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Why Many Women Don’t Seek Help for Sexual Dysfunction

 
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Too many women endure an unsatisfactory sex life and don’t look to their doctors for help, say researchers who study female sexual dysfunction. And apparently there are plenty of good reasons why.

Along with the explosion of awareness about male sexual dysfunction from Viagra’s debut in 1998 for erectile dysfunction, a growing interest has emerged in understanding the female sexual response. Many women, and multiple pharmaceutical companies, have longed for a female counterpart to Viagra to address sexual issues for women.

While that treatment goal has yet to be realized, a new appreciation has developed for the fact that women also experience clinical symptoms of sexual dysfunction and that sexual complaints among women are surprisingly common.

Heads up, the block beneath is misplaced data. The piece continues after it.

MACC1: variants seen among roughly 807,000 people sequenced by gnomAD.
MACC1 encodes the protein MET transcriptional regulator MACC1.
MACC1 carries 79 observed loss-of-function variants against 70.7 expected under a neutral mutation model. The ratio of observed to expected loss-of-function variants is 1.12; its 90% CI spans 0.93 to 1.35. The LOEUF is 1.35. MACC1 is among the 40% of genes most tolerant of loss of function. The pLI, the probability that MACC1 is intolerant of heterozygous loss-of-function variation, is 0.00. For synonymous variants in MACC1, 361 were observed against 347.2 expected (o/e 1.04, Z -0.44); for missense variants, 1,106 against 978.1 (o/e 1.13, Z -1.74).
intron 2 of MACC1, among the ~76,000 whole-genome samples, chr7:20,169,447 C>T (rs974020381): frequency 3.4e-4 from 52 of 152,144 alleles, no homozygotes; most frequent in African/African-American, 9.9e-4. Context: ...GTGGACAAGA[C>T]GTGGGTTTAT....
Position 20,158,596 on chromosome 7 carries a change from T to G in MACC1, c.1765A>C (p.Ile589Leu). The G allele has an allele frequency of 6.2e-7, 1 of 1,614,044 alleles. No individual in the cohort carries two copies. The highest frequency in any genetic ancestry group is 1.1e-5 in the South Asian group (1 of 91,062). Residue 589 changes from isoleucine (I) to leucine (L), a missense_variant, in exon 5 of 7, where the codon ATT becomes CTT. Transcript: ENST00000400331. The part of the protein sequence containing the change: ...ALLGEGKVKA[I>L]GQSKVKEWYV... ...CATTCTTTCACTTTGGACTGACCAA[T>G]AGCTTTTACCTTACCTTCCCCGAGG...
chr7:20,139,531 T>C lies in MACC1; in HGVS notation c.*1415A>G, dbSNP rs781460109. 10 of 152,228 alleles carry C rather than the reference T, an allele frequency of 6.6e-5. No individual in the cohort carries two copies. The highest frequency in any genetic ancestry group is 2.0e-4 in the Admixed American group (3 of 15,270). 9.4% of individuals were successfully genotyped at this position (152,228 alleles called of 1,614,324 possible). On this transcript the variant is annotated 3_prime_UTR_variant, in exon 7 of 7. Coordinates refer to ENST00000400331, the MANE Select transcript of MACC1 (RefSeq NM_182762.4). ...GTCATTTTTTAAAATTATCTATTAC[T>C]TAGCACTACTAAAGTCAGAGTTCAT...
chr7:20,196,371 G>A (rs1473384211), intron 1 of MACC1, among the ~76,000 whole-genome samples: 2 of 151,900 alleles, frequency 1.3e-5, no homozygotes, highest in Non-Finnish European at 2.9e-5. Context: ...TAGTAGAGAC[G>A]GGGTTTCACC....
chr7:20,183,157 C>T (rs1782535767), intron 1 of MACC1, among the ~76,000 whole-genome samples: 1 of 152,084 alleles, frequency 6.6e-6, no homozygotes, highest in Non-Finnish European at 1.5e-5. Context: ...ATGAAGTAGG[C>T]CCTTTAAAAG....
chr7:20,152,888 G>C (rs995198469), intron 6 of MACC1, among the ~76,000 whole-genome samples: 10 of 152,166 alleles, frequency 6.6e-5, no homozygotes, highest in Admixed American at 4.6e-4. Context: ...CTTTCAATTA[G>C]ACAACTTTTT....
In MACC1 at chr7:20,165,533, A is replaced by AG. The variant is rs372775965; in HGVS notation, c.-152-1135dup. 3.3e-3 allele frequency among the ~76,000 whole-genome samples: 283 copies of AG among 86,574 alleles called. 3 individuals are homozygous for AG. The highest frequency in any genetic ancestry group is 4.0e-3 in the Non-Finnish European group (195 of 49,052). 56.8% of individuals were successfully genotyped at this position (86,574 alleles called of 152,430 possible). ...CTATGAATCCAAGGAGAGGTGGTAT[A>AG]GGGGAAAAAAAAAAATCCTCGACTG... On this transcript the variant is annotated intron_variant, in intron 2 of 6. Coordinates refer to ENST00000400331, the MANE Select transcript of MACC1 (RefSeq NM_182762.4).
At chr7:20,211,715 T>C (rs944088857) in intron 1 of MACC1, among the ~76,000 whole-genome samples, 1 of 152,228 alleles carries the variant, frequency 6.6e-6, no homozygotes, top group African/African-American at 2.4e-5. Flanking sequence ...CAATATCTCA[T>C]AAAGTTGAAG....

But studies show that multiple barriers still prevent women from asking for help or receiving the proper treatment they need for sexual dysfunction disorders. Up to 40 percent of women in one study, based on a web-based survey from the Department of Urology and Psychiatry at UCLA Medical School, reported that they did not try to get help for a sexual function complaint, although most of these women (54 percent) said that they would like to.

The most common reasons women refused to see a physician were that they were too embarrassed (22 percent), didn’t think that a physician could help them (17 percent), or it had never occurred to them to seek medical help for sexual dysfunction (12 percent). Older women in particular stated that feelings of shame, embarrassment, and fear were the reasons they didn’t seek professional treatment for sexual disorders.

The women in the study who had discussed their sexual issues with a physician expressed a “great deal of frustration and anxiety” about their treatments. Less than one half of the women felt that they were thoroughly examined by their physician, and less than one quarter thought their physician performed appropriate medical tests, made a diagnosis, developed a treatment plan, or followed up with the patient.

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